Throughout the History of Universal Literature, it has been a given in all cultures and nations to discriminate against women writers. This stigma was already endured by authors such as Safo, who championed the ‘different’ and ‘socially excluded’ in her poems and exhibited her homosexuality without shame.
Since she was born on the island of Lesbos, female homosexuality is known as lesbianism. Then there is Hypatia of Alexandria, the Neoplatonic philosopher who, among other things, was the first known female mathematician. She was killed by a mob of radical Christians who considered her a heretic and pagan.
Andalusian poet Wallada suffered the same fate. She secretly loved Ibn Zaydun; their relationship was considered illegal because of the link between him and the Banu Yahwar tribe, bitter rivals of the Umayyad to which the poet from Córdoba belonged.
I could continue to recite the list of women writers of ancient times who suffered persecution, contempt, ostracism and even death for the simple act of dedicating themselves to writing, an activity women were once forbidden from engaging in. But these three cases are enough to expose this paradigm.
Now I want to move on to a more recent time in Spain to talk about many other women who, in an already much more civilized world, continued to suffer the same aggravation as those distant pioneers. I want to begin with the striking case of María de Zayas Sotomayor, a writer of the Golden Age. She wrote a collection of exemplary and love novels that would be considered masterpieces today, had they only been signed by Cervantes.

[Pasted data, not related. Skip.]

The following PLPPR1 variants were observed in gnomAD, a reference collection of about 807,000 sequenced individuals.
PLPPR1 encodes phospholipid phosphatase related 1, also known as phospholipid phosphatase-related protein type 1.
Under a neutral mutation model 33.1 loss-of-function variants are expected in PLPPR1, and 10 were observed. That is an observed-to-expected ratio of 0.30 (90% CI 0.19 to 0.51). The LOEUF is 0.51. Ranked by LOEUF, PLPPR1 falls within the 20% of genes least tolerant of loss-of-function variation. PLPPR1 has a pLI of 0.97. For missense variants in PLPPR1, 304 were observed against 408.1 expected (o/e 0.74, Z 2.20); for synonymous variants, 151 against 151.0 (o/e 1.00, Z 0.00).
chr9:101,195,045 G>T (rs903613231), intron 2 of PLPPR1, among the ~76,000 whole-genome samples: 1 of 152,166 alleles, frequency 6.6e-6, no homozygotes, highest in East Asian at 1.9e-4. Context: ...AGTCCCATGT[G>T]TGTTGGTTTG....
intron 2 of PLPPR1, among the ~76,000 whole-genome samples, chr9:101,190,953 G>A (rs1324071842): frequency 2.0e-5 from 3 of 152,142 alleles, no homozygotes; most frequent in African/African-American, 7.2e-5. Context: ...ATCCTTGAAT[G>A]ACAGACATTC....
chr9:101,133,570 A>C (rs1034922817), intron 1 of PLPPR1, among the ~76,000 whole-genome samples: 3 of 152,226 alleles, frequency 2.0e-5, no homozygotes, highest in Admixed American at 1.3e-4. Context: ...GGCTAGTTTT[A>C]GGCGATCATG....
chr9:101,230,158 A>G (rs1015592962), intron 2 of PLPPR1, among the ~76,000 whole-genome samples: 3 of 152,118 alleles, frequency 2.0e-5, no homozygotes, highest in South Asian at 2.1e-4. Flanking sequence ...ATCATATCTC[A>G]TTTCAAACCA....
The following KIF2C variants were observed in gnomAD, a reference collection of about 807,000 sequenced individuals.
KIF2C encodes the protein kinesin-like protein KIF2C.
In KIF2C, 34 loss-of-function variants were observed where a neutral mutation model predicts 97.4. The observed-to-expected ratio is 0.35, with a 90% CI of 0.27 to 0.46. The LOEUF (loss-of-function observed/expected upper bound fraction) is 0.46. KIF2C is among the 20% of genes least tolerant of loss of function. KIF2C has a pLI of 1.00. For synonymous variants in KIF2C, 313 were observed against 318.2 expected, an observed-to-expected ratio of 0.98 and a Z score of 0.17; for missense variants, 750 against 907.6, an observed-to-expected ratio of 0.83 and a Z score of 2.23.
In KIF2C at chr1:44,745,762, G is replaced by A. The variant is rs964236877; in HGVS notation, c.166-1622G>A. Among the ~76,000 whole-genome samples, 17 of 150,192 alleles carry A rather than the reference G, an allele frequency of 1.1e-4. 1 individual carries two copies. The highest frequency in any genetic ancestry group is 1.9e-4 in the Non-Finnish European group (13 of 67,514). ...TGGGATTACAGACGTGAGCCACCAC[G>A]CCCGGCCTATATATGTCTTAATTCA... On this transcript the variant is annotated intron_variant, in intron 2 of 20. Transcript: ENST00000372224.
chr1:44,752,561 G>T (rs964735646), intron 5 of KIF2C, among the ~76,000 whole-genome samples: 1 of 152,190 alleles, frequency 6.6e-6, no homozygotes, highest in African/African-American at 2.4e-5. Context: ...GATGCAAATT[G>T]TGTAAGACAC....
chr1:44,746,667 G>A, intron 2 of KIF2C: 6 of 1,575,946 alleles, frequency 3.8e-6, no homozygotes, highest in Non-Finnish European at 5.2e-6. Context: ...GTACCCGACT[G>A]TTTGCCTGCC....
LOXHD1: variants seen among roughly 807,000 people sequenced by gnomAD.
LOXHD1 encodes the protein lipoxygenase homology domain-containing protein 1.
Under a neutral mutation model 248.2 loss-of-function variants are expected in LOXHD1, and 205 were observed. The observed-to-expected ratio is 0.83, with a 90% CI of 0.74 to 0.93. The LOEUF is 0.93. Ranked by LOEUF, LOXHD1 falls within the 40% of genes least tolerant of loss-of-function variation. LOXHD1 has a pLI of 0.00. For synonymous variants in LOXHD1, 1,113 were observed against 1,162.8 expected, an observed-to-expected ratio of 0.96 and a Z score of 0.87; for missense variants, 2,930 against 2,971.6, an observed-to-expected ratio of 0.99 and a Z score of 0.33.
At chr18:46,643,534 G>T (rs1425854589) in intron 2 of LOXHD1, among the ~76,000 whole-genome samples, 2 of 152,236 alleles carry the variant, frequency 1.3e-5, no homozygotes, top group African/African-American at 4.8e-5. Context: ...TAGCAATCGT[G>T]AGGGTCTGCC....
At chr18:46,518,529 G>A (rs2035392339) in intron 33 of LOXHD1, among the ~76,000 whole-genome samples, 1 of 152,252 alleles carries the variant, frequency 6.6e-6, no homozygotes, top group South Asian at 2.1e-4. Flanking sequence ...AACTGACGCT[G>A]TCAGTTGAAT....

But, as they were penned by a woman, they were simply despised as sentimental, superficial and frivolous works. Recent studies have even put into doubt the existence of this author and believe that it was a pseudonym used by a male writer to hide his name and be able to devote himself to the erotic genre.
This is because those novels were a success in their time, and that’s not licit for a woman. The novels of María de Zayas are on a par with those of Cervantes. And yet, they are practically inaccessible due to the curse of invisibility that falls on the life and work of these brilliant and non-compliant women.
Much better known is the case of Saint Teresa of Jesus, whom all now venerate, but few know that a few years before being worshipped by all she was about to be burned at the stake for being a heretic.
In the second half of the 19th century, in the so-called late or intimate era of Romanticism, the magnificent figure of Rosalía de Castro emerged. This writer, whose work was on par with that of Gustavo Adolfo Bécquer, is always given less space in textbooks on the silly pretext that part of her work – including her acclaimed Follas novas – is written in Galician, as if this were not an official language of our country.
The main reason why she remains in the obscurity is the fact that she is a woman, since her works have nothing to envy the rhymes and legends of the great Sevillian poet and narrator. She defended her Galician fellow countrymen who were forced to go into exile in Madrid to work in the factories and who were exploited to the point of labour slavery, despised and humiliated because of their status as Galicians and rural people.